Still Bourne?

So following on from my blog of 8 June on the Cadbury take-over of Green & Black’s, what might the effects of this corporate mega-munching have on the fine chocolate we cover here at

Well you could argue none – the origin chocolate world is becoming richer every day, with so much choice that for the connoisseur that the likes of G&B have become no more than a second or third best when nothing more interesting is to hand. (We can call this ’emergency chocolate’.) Outside the specialist chocolate world though, Green & Black’s are the most well known – or only – chocolate that the general public in the UK would be consider ‘fine’, and the brand is often seen as a definition of decent chocolate. (“70%? You mean Green & Black’s?”). This is unfortunate for those of us trying to promote the best of chocolate, and a loss to many a chocolate fan – frankly, if you like Green & Black’s already, then there are a hundred better tasting chocolate bars out there just waiting for you. And in this case, organic certainly does NOT mean superior flavour.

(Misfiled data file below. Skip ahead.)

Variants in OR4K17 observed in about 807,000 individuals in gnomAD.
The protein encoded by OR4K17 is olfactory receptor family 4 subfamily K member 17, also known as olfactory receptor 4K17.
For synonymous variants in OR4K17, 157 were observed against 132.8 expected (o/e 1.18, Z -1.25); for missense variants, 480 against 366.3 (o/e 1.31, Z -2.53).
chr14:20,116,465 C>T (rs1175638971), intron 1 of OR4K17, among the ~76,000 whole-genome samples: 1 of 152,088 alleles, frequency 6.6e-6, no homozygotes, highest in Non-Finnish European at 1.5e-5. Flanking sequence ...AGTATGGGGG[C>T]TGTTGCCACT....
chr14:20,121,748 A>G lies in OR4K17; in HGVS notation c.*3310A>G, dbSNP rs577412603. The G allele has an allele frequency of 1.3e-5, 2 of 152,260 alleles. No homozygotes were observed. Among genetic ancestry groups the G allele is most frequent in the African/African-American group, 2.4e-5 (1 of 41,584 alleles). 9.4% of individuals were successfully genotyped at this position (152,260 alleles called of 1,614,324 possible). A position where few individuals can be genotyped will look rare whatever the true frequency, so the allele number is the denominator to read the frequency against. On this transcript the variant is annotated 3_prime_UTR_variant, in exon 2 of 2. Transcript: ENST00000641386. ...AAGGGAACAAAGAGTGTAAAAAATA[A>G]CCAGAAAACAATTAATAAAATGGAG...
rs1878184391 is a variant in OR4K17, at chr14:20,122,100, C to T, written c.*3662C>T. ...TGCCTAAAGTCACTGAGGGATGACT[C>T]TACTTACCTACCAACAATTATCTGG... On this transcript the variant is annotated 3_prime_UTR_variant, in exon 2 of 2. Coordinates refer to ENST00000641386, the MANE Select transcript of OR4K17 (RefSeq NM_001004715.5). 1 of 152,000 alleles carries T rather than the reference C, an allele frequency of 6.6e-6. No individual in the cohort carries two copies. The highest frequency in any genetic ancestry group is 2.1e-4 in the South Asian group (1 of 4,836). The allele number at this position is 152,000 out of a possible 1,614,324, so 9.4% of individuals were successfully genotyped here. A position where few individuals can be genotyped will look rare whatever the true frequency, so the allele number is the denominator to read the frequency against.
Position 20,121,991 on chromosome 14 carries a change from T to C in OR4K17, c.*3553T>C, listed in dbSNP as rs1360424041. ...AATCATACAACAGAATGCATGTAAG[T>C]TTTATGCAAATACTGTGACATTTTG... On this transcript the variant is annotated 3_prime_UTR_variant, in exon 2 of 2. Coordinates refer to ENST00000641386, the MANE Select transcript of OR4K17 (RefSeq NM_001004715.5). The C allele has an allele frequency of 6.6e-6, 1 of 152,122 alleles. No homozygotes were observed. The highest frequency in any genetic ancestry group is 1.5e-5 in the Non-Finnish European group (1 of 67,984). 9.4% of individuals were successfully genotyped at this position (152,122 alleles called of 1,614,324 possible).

There is I think though a plus side – in the UK at least. Green & Black’s – along with Lindt – have done a lot to raise the profile of high percentage chocolate here. Not so many years ago the idea of 70% strength chocolate was nothing more than a novelty. Now even the most remote petrol (gas) station might have some Lindt, and Green & Black’s can be found on the shelves of most British supermarkets. Now G&B are part of the Cadbury group, strong chocolate will become more and more part of the mainstream norm, encroaching on the massive UK candy market and perhaps bringing UK taste more in line with Continental attitudes, where fine chocolate is common, and all (non candy) chocolate is just that little bit better. (And maybe Dairy Milk fans will be converted to the superior Green & Black’s milk?)

The downside of course is that you try G&B’s 70% and you think that’s all there is – and are put off fine chocolate altogether. And judging by opinions we sometimes hear at tastings this is often the case. This is where we hope developments like the Academy of Chocolate will help to let more people know there is a fantastic world of fine chocolate flavours out there, beyond the monotone, burnt rough taste of most industrially produced chocolate made from cheap forastero beans.

I guess we’ll have to wait and see what the real impact of all this is, but you can be sure that fine chocolate is on the up, and that Green & Black’s are certainly NOT the end of the story when it comes to fine chocolate flavour.

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